People talk about how powerful Twitter (and other social media) is and how worthwhile it is to use. I've been using Twitter since 2007, and have gone through phases of engagement with it. I have learned, however, that Twitter really can be incredibly beneficial. The importance of connecting with people is incredible. It is not just about being ON Twitter, or lurking on Twitter. It is really about connecting with people.
The power of the connection is that you learn how to appreciate the other people, how to learn from them, and how to know how to help them. I'm so glad that I have been on Twitter, and I am sure that I have grown more through those connections than any other professional development I have experienced. I'm lumping my podcast into this because I would not have the idea, success or opportunity to do the podcast if not for my connections on Twitter.
My notes below are largely unedited. Be sure to follow the podcast to hear more interviews coming up from people I met there at the conference. Go here to listen to my interview with Todd Whitaker and Rick Wormeli. It was awesome.
Mental Health Issues
- Overreact, undersensationalize
- Mark Sullivan
- Assistant Principal of Student services
- Why did you give it that title?
- Lunch period and special breakfasts.
- Eagles Eye newsletter with new student interviews
- Freshman stay for extra 25 minutes each day to get extra supports
- What is the ACCESS program and what have you learned from it?
- Learning2breathe.com - why do you focus on mindfulness?
- RENEW Tier 3 student-centered SEL program - visualization mapping process
- Yes AND…the power of this thinking?
- Yes but... regarding FedEx?
- Innovation incubator
- Apply to be part of it.
- Design thinking process—empathize, define, ideate, prototype, test, refine
- Innovation class period - how does that work for credit?
- How do you give freedom to teachers to be creative?
- Good ideas come from everywhere. Steven Johnson—Where Good Ideas Come From.
- Chance favors the connected mind. Chance favors the connected school.
- Care - Advisory - 1 teacher 20 kids
- PTC done through Advisory teacher. Kids can go to advisor to work with the teacher they are struggling with.
- Homework is a legacy app in schools.
- I teach the kids [subject]
- How do you define inquiry? Purposeful Curiosity, Gerad Carrier
- What changes when you help students develop their skill of inquiry?
- With inquiry, it becomes more student-directed and less dependent on the teacher.
- Assessment becomes more difficult. Control becomes more difficult.
- Be willing to challenge the quiet classroom.
- Personalized is when kids have real skin in the game?
- Subject matters by Harvey Danielson
- Reading scores improve because kids are reading deeply in every area.
- TO meet the standards, you have to be a thoughtful curriculum planner.
- Engagement is the wrong goal.
- Empowered is better
- Deep inquiry enhances care, compassion and empathy
- We teach less stuff at SLA, but kids learn more.
- Inquiry isn't us asking kids questions we know the answers to.
- Inquiry is scary when we get a blank page. Starting can be scary.
- Group collaboration guidelines can include firing a group member.
- SLA Dell partnership to support
- Important to front load the inquiry (structure and procedures) to make sure kids have skills to figure things out.
- 9th grade teachers spend more time on process than content than any other grade.
- Rather than have teacher's aide help grade papers and make copies, have the teaching assistant work with a teacher to really be a teacher assistant.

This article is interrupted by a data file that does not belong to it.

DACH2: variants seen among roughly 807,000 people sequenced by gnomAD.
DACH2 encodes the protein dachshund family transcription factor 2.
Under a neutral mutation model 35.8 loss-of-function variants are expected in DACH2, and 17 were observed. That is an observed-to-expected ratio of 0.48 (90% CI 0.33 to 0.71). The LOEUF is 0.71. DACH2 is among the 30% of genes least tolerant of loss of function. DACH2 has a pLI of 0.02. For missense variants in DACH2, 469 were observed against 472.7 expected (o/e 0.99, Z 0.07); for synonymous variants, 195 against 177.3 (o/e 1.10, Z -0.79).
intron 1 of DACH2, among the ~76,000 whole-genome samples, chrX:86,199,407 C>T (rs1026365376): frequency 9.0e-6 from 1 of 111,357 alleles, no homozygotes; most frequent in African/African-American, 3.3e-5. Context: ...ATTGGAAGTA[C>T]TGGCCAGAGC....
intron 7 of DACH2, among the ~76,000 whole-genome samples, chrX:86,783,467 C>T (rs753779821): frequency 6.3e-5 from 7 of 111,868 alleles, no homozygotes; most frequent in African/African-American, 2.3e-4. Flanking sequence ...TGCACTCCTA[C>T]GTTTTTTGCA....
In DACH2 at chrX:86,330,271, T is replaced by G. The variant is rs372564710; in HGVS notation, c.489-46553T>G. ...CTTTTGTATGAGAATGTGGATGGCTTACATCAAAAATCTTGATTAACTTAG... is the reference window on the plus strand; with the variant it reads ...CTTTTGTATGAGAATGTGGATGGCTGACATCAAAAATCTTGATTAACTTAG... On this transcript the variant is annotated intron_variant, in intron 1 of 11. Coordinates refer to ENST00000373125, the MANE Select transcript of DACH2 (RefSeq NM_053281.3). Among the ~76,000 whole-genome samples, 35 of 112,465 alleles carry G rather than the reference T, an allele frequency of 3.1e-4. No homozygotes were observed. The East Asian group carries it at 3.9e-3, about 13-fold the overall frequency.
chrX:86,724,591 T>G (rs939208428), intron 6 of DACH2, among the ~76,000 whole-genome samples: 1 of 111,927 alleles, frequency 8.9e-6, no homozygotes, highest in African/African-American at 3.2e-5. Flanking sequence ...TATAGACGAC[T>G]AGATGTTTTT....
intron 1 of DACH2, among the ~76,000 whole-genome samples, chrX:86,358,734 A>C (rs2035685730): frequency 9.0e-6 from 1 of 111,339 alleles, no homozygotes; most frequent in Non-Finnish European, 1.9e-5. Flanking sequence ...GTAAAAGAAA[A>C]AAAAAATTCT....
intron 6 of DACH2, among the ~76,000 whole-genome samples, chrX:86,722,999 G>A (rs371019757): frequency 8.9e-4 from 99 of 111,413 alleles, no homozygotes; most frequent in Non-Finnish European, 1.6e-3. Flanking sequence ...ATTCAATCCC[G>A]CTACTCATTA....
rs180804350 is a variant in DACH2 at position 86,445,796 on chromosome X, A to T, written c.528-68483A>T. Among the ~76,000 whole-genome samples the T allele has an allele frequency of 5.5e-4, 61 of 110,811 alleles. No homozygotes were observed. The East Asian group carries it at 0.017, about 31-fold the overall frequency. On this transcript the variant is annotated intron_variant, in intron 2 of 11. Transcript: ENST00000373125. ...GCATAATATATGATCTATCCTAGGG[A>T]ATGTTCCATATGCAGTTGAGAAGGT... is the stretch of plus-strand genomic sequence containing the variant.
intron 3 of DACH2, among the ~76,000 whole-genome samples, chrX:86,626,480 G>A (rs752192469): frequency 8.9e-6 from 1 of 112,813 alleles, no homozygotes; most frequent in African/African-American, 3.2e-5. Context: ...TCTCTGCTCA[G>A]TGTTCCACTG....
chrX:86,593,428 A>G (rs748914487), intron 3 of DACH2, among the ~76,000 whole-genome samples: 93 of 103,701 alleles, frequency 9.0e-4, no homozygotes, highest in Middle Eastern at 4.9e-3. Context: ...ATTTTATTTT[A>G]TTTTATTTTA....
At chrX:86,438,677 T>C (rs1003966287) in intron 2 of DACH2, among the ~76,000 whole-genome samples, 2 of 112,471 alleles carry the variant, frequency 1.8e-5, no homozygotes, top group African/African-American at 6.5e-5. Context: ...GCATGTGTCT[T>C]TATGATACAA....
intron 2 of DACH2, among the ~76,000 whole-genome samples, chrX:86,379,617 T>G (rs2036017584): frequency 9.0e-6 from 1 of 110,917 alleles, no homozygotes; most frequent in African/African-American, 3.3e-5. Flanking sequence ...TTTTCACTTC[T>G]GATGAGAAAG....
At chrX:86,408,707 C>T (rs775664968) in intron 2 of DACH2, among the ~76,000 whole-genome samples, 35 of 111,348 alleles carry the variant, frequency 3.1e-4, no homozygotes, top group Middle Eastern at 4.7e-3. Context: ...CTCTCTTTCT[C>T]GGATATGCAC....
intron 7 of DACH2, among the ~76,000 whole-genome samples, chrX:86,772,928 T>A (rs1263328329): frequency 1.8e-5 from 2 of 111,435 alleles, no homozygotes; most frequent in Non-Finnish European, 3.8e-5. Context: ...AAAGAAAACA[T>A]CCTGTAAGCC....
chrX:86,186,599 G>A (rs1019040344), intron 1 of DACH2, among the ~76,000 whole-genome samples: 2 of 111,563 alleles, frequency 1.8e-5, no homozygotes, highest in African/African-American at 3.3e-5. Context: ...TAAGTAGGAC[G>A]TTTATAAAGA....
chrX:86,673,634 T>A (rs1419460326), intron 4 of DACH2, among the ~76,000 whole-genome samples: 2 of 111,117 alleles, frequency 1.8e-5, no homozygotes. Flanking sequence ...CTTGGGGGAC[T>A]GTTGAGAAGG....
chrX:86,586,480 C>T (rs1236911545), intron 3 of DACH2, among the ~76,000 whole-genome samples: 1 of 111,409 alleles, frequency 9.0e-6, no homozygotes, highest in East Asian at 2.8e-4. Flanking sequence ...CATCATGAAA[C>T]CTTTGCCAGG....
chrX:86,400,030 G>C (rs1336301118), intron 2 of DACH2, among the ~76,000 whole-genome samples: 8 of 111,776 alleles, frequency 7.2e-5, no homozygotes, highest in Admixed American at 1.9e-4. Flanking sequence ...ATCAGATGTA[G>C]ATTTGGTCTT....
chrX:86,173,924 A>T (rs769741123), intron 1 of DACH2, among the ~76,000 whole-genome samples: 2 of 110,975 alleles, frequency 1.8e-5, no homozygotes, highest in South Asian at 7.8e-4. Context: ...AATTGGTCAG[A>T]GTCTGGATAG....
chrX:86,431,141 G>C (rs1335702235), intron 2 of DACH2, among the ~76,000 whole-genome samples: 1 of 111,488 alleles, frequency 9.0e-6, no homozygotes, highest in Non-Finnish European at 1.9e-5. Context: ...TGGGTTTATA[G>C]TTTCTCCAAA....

- Fears associated with Inquiry-based learning?
- What the worst outcome of your best idea?
- What else changes at your school when you become inquiry based?
- School schedule mod time with the principal from Missouri
- Stop calling it a technology project, it is called a school.
- Technology in an inquiry school is ubiquitous, invisible and necessary.
Daisy Dyer Duerr
https://docs.google.com/document/d/1IjTw_kIOyRGJA1RIlqCC1InqJZKYsjXcA9hmYHRZR-Y/edit Link for BYOD agreement in their school. Rural schools that are doing awesome things. http://www.thebestschools.org/features/inspiring-schools-meeting-the-challenge/
Questions for podcast: * Why go BYOD and not buy tools for the few students you have? * How is BYOD different from 1:1 initiatives in terms of instruction? Do you focus less on teaching tools and more on teaching concepts? * Poverty is obviously a big issue in Rural Education. * Talk about PRMB - Flex mod schedule. * How do you attract and maintain great teachers?
Rick and Todd
- Anytime I can make the faculty look good, do that.
- Roland Barth - The achievement of any one school is based upon the relationship of the adults.
- Make every decision based on your best teachers.
- Get teachers in others' classrooms in a non-evaluative, non-judgmental things
- Only need teachers to do two things each day: care and try.
- Crummy teachers don't just close the door, they cover up the window
- Ego is so tied up in what we are doing that we aren't willing to change.
- Writing makes us more vulnerable and willing to discuss things
- Record yourself as principal and share it with faculty.
- The hardest person to change is the first one.
- We have to validate those who want to intellectually engage.
- Challenge: The other day I was sitting in my office, and I forgot what school was. I wanted to come in your classroom to see what school was like.
- Teacher evaluation is an ongoing event, not an every 3 years issue
- 3 goals for teacher evaluation: Reinforce good teachers, develop not so good teachers, get poor teachers out
- The reason I try to be in classrooms as much as possible is because the good teachers like it and the poor teachers don't!
- Don't do things that suck the life out of people.
- Basis for being at my school: treat every person with respect and dignity.
- Don't play it politically safe.
- Don't ever give a student teacher to an average teacher!
- Characterics of effective PD:
- If teachers aren't taking control of their professional development, they aren't even treading water!